Benjamin Gorman is a high school English teacher. He lives in Independence, Oregon with his wife, Paige, and their son, Noah. His first novel was The Sum of Our Gods. His second was Corporate High School. He believes in human beings and the power of their stories. He places his confidence in his students and the world they will choose to create if given the chance.
Benjamin was born in Adrian, Michigan in 1977. His family lived in Blissfield, Michigan where his mother, Cinda Gorman, was the pastor of the Presbyterian church. When Ben was born, his father, Steve Gorman, was getting his second master’s degree so he could become a pastor as well. When Ben was three, the family moved to Champaign, Illinois, where Ben’s brother, Joe, was born. That’s where Ben started his writing career; his mother would take dictation as he’d tell stories about knights and dragons, astronauts and aliens. Despite this early practice at being a writer, Ben wanted to be an astronaut when he grew up. “My grandfather had been a scientist who worked for NASA. My parents raised me to be a feminist. So, logically, my hero was Sally Ride. My mom even helped me write her a letter and she sent us an autographed picture.” He also became a die-hard Star Wars fan. “I wanted to be Luke Skywalker. I had no idea I’d grow up to be a lot more like Yoda.”
When Ben was six, the Gormans moved to San Diego, California, where Ben attended Horton Elementary, a bilingual immersion magnet school. Ben became fluent in Spanish. He also had a wonderful English teacher who taught him during the school’s daily hour of English instruction. Mary Roden assigned students to write a short story each week and share them with the class each Friday. “I learned a lot about writing for an audience in the same way a comedian learns at an open mic night. Some stories landed and others didn’t. That’s a great way to learn.” In San Diego, the Gormans adopted Ben’s sister, Jillian. Ben liked to lead his brother, sister, and neighborhood kids on frequent trips to the local 7-11 where they would load up on Zotz, Bazooka Joe bubble gum, and Slurpees. That’s where Ben discovered his love of comic books. It was also in San Diego that Ben went to his first anti-war protest, which he attended with his father. “Dad served honorably in the Air Force during the Vietnam war. Then he took me to protest our first war in Iraq. That had a huge influence on the way I understand patriotism, 1stAmendment freedoms, and political engagement.”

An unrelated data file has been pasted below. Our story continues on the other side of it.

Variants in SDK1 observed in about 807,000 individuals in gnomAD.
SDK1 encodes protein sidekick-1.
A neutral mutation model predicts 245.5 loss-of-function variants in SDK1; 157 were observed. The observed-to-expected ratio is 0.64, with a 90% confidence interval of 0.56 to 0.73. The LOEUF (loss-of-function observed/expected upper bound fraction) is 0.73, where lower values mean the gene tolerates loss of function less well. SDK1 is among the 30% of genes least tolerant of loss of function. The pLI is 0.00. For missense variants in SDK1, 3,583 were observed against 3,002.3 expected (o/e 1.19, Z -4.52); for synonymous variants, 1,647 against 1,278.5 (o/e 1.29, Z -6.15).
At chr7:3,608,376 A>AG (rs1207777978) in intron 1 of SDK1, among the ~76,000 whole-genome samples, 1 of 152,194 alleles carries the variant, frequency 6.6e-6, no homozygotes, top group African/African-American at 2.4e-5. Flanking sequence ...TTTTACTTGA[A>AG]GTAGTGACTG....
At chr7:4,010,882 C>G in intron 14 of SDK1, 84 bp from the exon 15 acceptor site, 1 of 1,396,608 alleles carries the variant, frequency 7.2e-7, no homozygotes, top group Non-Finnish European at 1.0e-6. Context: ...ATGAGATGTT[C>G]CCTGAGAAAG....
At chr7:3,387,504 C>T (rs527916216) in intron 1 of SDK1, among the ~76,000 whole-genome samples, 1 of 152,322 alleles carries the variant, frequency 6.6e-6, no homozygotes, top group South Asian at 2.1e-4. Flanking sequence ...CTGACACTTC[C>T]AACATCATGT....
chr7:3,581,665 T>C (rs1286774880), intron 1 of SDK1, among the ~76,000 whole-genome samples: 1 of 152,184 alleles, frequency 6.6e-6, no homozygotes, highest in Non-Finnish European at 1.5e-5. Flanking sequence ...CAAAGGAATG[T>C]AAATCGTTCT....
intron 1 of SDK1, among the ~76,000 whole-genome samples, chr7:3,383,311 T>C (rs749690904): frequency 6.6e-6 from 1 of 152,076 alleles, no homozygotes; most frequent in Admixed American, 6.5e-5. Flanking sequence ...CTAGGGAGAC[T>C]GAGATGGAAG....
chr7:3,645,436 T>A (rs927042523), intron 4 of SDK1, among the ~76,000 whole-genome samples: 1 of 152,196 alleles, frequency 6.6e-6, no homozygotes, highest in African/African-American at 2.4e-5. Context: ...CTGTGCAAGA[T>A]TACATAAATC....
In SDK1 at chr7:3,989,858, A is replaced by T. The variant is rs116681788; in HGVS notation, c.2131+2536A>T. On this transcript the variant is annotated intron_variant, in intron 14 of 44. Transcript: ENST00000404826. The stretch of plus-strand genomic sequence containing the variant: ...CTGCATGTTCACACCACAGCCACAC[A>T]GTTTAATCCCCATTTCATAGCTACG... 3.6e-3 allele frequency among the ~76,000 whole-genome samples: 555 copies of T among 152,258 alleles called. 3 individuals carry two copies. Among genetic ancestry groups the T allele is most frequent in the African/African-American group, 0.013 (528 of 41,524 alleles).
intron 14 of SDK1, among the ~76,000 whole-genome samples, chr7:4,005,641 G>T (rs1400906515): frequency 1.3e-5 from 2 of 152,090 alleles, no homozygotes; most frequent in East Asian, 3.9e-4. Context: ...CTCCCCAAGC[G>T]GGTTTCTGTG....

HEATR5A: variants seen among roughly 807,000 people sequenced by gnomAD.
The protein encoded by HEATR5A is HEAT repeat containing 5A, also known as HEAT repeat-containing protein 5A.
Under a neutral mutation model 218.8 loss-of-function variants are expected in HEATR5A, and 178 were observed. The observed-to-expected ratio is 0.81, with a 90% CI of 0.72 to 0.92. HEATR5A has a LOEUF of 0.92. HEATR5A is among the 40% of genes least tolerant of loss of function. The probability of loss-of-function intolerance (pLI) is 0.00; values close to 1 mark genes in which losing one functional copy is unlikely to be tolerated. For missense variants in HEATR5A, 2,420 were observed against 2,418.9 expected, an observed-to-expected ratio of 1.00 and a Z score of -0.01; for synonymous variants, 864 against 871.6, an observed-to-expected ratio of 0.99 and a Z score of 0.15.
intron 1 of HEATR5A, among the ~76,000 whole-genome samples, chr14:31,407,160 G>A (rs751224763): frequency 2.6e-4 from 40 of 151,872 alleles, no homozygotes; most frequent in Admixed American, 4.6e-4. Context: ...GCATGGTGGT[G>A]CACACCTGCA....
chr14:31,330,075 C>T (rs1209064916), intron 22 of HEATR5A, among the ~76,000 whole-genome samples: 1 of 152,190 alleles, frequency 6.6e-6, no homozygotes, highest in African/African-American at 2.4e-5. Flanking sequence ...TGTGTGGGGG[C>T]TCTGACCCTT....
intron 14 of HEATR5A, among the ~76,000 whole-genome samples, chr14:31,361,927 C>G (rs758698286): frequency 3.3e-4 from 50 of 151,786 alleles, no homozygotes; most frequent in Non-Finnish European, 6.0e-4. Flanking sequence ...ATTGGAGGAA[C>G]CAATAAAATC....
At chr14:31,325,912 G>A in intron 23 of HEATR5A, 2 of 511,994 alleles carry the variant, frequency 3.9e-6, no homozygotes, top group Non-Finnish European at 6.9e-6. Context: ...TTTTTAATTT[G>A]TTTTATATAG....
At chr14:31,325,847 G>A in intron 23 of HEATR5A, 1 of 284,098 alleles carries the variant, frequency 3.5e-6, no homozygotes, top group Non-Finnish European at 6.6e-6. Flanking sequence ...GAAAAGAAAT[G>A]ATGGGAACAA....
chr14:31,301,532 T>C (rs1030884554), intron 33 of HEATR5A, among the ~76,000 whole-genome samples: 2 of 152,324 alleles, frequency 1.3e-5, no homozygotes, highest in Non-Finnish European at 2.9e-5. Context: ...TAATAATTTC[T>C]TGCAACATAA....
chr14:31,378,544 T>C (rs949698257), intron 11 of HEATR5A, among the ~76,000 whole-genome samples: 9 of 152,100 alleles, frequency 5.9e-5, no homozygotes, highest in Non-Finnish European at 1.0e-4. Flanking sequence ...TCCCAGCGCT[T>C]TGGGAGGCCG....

When Ben was in 8th grade, the family moved to Cincinnati, Ohio. Ben resented the move and incorrectly blamed the city. “I was under the misconception that I would have fit in back in San Diego, and that all my teenage frustrations and confusion were Cincinnati’s fault.” He retreated into writing. His eighth grade teacher assigned a short story one day, and by the end of the week he brought her the first sixty pages. “That became my style for a while. I would overwhelm my teachers with pages. I thought quantity equaled quality. It wasn’t until college that I was completely disabused of that notion.” That story turned into Ben’s first completed novel, a sprawling sci-fi epic that wasn’t very good. One teacher did find a strategy that greatly improved Ben’s writing. Mrs. Green, his tenth grade English teacher at Withrow High School, took him aside one day and told him that she couldn’t teach him how to be a better writer because he was already a better writer than she was, but she knew a lot of writers who could teach him. “Then she took me down to the library and gave me books by great authors. I had to write her a paper about each one. Whenever I didn’t like a novel, she made me read something else by the same author so I could have a more complete respect for his or her powers.” Still, Ben hated high school. He was filled with a common adolescent anger that he couldn’t ever fully articulate. “In retrospect, I think I was angry that I didn’t have anything to be angry about. There I was, a white, male, middle-class kid who wanted to have a cause, a grievance, and I really didn’t have anything to complain about. I had two married parents who loved me. I received an excellent, free public education. Shakespeare could easily have been writing about me when he wrote, ‘A pack of blessings light upon thy back; / Happiness courts thee in her best array; / But, like a misbhav’d and sullen wench, / Thou pout’st upon thy fortune and thy love.’” He spent lunches and passing periods hiding out in empty classrooms, his nose buried in paperback books. He was admitted early to Whitworth University (then Whitworth College) in Spokane, Washington, so he skipped his senior year of high school and traveled across the country. “It took putting a continent between us for me to realize that my parents, both of whom had their doctorates, were just as smart as my professors.”